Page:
Attempt to stop it by escaping when it initially occurs
You should have stopped it when it first began. But you did not. Not when he took you hostage on that training for journalists – the one where he was meant to teach you how to stay safe. Not in the bar later when all of you celebrated freedom though you’d never really not been free. Not when he pressed you to meet him the next day, when you were hungover and a ‘yes’ seemed so much easier than ‘no’.
By the time you realise it’s happening, it’s too late. Years later you will hear the term ‘love bombing’. You remember how soon he said you were perfect, that he’d never met anyone like you. I love you came early.
Later other words come easily too and you cling to that saying you learnt in childhood. ‘Sticks and stones may break my bones.’ But his words do hurt. More than a decade on, you will hear them and you will feel them, like bruises.
Observe and note where you are and how you got there
You are in the flat he shares with his best friend from childhood. You have known him no time at all. They have known each other for ever. The real journey is more complicated, but you know the most recent route you took to get here. The train, then a long walk along a road framed with expensive houses and tall trees peeking over the high walls of a royal park. His is a tired grey former council block. A botanist in the garden opposite would call it a thorn between the roses. You drink tea after tea in chipped, stained mugs while he jokes with his mate – the humour of memories you’ll never be part of. Toilet humour too and you grimace at the bathroom stained with almost as many marks. Later his sheets as well. He laughs when you admit you’ve never watched porn. The skies are streaked with the memory of planes and you wish you could grow wings.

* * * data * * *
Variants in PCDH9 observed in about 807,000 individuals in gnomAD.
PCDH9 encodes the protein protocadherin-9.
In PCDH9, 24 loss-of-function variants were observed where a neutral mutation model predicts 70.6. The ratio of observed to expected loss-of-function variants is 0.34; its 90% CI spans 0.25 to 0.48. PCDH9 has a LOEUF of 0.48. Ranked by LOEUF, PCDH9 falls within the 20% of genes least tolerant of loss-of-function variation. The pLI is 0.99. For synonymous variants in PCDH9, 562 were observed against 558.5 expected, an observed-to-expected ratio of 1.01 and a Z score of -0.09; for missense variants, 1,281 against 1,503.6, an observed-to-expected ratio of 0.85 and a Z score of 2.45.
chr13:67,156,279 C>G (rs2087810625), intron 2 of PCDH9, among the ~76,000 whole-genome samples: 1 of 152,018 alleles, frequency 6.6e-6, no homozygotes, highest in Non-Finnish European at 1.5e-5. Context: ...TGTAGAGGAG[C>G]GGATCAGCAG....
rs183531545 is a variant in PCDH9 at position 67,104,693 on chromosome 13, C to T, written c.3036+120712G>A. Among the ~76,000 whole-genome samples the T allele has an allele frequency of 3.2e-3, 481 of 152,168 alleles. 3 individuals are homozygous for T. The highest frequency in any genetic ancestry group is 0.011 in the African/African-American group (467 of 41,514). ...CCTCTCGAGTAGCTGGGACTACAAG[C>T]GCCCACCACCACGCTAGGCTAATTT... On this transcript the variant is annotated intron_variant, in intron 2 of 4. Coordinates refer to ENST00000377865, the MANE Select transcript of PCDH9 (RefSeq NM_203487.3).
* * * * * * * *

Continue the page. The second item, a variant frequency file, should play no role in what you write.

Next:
Pay attention to the kidnapper’s demeanour, behaviour, and routines
He is, at times, charming. He weaves a history that paints him as part adventurer, part anarchist. His army time carries more weight than his time in service should. He barks orders as if he was in charge. When he speaks of himself, he weaves a web of stories as if he’s casting a spell. And you know you would do best to believe him. Your successes are greater, but he will not hear of them and you start to question if you ever did those things. You do not know what gaslighting is yet, but you know the problems that saying no would bring, and so you nod, say yes, dress to his demands, answer every sordid request, creep around him when he drink. You learn to stop one glass before him and then to sneak into bed as he pours himself another and you hope that it means he will pass out rather than insist that tonight’s your lucky night.